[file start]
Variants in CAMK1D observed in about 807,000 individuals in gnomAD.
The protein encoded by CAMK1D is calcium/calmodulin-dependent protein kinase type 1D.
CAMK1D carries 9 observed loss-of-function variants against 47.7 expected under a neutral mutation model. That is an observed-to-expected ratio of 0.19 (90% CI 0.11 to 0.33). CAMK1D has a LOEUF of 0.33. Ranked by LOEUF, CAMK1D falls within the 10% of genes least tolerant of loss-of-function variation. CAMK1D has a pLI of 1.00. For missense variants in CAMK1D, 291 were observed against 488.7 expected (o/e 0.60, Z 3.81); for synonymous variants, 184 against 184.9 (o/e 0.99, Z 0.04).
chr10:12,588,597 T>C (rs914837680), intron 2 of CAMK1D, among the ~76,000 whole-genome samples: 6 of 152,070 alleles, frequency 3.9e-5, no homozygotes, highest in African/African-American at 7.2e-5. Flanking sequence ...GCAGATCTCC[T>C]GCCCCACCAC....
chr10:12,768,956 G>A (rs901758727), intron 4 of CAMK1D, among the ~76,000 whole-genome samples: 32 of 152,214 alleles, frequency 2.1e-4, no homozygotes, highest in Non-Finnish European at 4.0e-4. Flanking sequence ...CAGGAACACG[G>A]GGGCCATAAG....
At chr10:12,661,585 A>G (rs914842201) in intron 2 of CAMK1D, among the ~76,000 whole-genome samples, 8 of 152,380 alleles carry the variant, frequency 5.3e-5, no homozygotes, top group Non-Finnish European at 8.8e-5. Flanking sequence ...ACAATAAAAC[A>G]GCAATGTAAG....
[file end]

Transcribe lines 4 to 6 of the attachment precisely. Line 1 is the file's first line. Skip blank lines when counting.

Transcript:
chr10:12,588,597 T>C (rs914837680), intron 2 of CAMK1D, among the ~76,000 whole-genome samples: 6 of 152,070 alleles, frequency 3.9e-5, no homozygotes, highest in African/African-American at 7.2e-5. Flanking sequence ...GCAGATCTCC[T>C]GCCCCACCAC....
chr10:12,768,956 G>A (rs901758727), intron 4 of CAMK1D, among the ~76,000 whole-genome samples: 32 of 152,214 alleles, frequency 2.1e-4, no homozygotes, highest in Non-Finnish European at 4.0e-4. Flanking sequence ...CAGGAACACG[G>A]GGGCCATAAG....
At chr10:12,661,585 A>G (rs914842201) in intron 2 of CAMK1D, among the ~76,000 whole-genome samples, 8 of 152,380 alleles carry the variant, frequency 5.3e-5, no homozygotes, top group Non-Finnish European at 8.8e-5. Flanking sequence ...ACAATAAAAC[A>G]GCAATGTAAG....